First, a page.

ST. LOUIS – Earlier this week, Jefferson County Police Sheriff Dave Marshak, shared a tongue-in-cheek tweet stating how to dress properly for an interview.
“I am serious. This is what happened. We have a meeting room off to our lobby. That is where we are doing interviews,” said Sheriff Marshak. “A guy comes in. He is wearing blue jeans and he’s got on kind of a ratty polo shirt. He’s got his sunglasses on his head, he is carrying a coffee mug.”
Marshak said that the secretaries in the office remind interviewees to dress professional. This is an interview, and they will be meeting the commanding staff.
According to the Ohio State University informative pamphlet, they say that the importance of a first impression in an interview can make or break the candidate’s chance of success. Studies have revealed that the employer often decides whether to hire or not hire a candidate in the first few minutes of the interview.
First impressions are an important consideration in the hiring process.
“[The interviewee] kept strolling in and the captain opened up the door to call up the potential candidate’s name,” said Marshak
Marshak said that the captain was surprised when the interviewee stood up when the name was called. The captain asked again if the individual was here for the interview, and the person answered in the positive.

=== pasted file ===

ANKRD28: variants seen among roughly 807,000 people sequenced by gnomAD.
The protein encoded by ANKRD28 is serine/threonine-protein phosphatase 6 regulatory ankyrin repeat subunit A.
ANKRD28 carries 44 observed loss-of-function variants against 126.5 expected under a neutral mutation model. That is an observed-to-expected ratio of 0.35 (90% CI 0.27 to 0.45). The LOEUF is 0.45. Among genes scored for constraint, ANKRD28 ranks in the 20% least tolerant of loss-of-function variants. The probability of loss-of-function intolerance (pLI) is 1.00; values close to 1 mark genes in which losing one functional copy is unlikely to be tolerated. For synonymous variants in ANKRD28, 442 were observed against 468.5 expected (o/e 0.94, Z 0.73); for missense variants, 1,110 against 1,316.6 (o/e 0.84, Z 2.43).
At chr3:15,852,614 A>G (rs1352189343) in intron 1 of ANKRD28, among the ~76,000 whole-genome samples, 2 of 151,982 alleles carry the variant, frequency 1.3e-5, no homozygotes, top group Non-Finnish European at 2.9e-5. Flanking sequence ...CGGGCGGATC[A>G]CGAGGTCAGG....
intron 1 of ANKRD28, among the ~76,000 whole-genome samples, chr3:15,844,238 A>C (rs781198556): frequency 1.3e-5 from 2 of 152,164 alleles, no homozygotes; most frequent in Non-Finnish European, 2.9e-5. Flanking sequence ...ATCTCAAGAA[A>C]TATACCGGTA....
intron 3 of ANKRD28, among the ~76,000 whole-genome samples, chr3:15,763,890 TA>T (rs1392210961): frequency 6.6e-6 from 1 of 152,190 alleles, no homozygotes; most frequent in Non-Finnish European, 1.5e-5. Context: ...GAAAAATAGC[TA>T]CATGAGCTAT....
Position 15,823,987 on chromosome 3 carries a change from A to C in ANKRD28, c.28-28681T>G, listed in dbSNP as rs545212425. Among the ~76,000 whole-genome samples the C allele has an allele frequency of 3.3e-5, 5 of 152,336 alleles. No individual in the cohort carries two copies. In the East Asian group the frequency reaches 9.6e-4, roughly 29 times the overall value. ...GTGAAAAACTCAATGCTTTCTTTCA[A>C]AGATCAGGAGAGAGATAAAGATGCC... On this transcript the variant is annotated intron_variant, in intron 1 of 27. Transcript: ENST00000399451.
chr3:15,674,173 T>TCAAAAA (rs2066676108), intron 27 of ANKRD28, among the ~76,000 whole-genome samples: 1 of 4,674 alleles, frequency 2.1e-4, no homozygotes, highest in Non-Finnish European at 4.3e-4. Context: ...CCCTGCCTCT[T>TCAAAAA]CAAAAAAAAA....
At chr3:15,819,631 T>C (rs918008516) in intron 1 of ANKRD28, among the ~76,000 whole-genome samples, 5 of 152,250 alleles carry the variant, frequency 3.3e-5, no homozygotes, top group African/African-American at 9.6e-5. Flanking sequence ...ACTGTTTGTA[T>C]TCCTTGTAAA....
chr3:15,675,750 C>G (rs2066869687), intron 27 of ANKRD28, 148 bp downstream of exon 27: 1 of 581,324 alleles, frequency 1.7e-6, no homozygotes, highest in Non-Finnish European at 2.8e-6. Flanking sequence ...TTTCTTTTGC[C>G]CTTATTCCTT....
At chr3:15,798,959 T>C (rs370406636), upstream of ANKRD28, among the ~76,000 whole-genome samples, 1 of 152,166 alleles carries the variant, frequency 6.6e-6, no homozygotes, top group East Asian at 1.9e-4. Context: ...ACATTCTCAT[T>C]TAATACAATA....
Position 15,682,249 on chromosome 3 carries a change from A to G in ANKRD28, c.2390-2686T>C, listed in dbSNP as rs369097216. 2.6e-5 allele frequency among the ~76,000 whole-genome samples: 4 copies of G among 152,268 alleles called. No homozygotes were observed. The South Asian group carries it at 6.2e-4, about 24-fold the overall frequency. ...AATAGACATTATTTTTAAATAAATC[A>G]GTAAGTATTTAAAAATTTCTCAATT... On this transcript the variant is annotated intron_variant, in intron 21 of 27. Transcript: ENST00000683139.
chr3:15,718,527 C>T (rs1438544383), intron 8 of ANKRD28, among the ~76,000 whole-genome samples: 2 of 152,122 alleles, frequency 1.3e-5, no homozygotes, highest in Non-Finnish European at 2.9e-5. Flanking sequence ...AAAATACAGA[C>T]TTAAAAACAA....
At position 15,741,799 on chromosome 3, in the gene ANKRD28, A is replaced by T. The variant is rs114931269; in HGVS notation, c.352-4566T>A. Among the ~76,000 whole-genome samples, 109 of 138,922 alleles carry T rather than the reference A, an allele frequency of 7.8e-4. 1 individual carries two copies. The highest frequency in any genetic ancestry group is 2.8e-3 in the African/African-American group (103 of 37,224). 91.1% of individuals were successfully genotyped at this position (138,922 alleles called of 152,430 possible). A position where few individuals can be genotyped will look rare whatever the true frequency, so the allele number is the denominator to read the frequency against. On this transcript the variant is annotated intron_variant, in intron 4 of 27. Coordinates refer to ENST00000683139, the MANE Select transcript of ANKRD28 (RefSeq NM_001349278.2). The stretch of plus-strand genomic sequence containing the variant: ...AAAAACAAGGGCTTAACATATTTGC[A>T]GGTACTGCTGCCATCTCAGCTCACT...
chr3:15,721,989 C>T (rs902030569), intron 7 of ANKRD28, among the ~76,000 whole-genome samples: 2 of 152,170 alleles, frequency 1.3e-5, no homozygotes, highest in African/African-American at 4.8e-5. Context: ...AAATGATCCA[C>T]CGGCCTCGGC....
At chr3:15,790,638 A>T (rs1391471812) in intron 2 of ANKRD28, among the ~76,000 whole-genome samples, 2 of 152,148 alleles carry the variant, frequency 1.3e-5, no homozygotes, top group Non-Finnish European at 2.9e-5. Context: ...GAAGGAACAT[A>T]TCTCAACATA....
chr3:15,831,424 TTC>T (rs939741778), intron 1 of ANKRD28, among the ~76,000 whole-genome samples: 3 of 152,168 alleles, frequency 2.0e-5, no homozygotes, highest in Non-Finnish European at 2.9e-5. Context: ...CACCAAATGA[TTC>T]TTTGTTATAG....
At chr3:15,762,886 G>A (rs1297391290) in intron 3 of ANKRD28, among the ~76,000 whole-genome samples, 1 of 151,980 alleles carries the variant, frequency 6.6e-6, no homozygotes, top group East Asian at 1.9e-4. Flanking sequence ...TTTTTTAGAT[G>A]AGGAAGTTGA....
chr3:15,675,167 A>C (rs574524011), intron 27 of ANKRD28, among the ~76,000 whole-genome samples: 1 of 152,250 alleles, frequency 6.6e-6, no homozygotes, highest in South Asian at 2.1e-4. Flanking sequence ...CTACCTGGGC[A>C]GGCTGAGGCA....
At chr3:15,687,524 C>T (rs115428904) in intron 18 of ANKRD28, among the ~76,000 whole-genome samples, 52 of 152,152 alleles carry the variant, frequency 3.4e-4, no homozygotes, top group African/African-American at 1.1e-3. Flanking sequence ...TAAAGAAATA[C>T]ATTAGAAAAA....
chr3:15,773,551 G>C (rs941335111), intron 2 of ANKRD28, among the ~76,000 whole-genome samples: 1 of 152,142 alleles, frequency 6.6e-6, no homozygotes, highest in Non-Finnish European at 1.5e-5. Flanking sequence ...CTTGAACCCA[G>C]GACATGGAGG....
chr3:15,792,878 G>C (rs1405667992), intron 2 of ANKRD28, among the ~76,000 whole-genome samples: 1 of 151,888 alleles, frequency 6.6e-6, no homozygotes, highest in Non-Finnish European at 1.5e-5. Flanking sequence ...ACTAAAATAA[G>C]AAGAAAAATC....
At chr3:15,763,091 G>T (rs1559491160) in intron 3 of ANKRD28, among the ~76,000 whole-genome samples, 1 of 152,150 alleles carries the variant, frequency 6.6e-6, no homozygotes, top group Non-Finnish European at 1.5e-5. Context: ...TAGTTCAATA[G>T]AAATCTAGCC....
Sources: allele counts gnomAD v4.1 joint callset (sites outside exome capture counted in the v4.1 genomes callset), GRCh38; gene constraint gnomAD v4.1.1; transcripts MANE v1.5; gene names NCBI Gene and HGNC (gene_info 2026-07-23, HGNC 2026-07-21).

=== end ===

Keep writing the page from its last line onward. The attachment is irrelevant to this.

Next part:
According to Marshak, the captain told the interviewee ‘No, thanks’ and closed the door.
Marshak said that if you are not taking the interview seriously, then you are not serious about working here.
Minnesota State Careerwise said that a clean and neat professional appearance is an important step in making a good first impression. The interview should focus on the candidate and not the candidate’s clothes.
“We have policies and procedures for when you wear certain uniforms and when to be professional,” said Marshak.
He went on to explain that this interviewee was a former officer and that they should know how to dress for an interview with the sheriff’s office.
Indeed.com explains why understanding the company’s culture will help the interviewee succeed in the job interview. A company culture defines the way people interact with each other and the way the company makes decisions.
“Culture fit” can sometimes be used as a way to cut and discriminate against candidates. But if the interviewee does not know how existing employees look, think, and act, the candidate may be unprepared.
“You have to know what you are applying for; you have to know what the culture is,” said Marshak. “Clearly, this person did not understand our culture and it was not going to be a good fit for our agency. He never made it past the door.”
Marshak said there are exceptions. If the interviewee was 18 or 19 years old and had no prior experience or guidance, they might be the exception. There are some circumstances that the department could work with.
“But when you know you are going there for an interview with commanders, there are some expectations,” said Marshak.